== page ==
If you haven't read the great story on the "Cuban Twitter" reportedly created by the U.S. government by Alberto Arce, Desmond Butler and Jack Gillum of the Associated Press, you really should.
It's a wild tale that reveals how U.S. Agency for International Development created "ZunZuneo," an SMS network based on Twitter (the name is slang for the noise a Cuban hummingbird makes) in an attempt to undermine the Cuban government. The project began in 2009, first sending out relatively innocuous messages with an aim to slowly move into politics. However, as it progressed, the project was never able to make enough money to sustain itself, and it was abandoned in 2012 when USAID's money ran out.
What remains of ZunZuneo now? Its Web site, ZunZuneo, has been taken down, though the Verge was able to get a screenshot of it. Whoever was wiping the web of ZunZuneo appeared to forget one thing however: A Facebook page dedicated to the service is still active at the time of writing.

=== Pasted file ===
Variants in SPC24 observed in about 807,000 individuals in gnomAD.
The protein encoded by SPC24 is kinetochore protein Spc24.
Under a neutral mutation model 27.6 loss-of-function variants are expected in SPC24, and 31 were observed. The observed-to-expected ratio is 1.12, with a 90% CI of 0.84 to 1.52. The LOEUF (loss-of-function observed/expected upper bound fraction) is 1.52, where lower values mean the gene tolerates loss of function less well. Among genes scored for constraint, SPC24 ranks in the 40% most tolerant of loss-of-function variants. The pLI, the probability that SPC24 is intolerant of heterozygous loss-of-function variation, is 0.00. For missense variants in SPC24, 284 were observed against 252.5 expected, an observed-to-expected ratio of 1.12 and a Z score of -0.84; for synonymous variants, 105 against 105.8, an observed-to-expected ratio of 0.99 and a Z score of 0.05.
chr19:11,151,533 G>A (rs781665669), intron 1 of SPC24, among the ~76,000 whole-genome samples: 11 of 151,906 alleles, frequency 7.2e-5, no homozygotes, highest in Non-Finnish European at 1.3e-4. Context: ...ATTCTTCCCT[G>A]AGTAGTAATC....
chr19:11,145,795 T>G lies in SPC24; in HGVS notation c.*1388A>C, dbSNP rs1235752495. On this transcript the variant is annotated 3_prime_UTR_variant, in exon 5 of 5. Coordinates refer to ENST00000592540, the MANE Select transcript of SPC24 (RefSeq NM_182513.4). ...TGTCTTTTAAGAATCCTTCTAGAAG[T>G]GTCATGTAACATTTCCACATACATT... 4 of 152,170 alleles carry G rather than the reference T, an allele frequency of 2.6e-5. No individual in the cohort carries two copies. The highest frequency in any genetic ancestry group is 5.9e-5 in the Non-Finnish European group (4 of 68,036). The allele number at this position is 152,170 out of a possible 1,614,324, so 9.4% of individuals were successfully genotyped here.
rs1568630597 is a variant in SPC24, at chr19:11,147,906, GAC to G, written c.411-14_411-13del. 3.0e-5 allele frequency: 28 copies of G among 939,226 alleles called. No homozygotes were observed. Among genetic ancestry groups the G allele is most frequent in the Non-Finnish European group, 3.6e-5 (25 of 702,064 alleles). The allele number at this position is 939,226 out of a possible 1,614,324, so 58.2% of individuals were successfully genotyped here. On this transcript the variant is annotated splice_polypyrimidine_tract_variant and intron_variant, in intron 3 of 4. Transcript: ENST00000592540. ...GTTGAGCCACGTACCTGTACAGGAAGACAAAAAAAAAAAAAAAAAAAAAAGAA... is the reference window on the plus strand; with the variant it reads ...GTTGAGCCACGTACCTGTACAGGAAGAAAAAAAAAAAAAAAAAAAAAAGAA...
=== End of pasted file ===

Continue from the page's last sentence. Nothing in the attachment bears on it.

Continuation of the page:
While it isn't clear if the page was definitely set up by those working on ZunZuneo itself, it definitely appears to be. Set up in 2010, the page first posts information devoted to ZunZuneo itself, before moving onto celebrity news about Shakira and Adele, and eventually posting links to stories about Internet censorship and its own problems.
Perhaps most notable about the page are the comments. While fewer than 300 people "like" the page, a number of people have commented on it to ask where ZunZuneo went. “Where can you pick up messages from ZunZuneo?” one woman asks in November 2012. “Why aren’t I receiving them anymore?”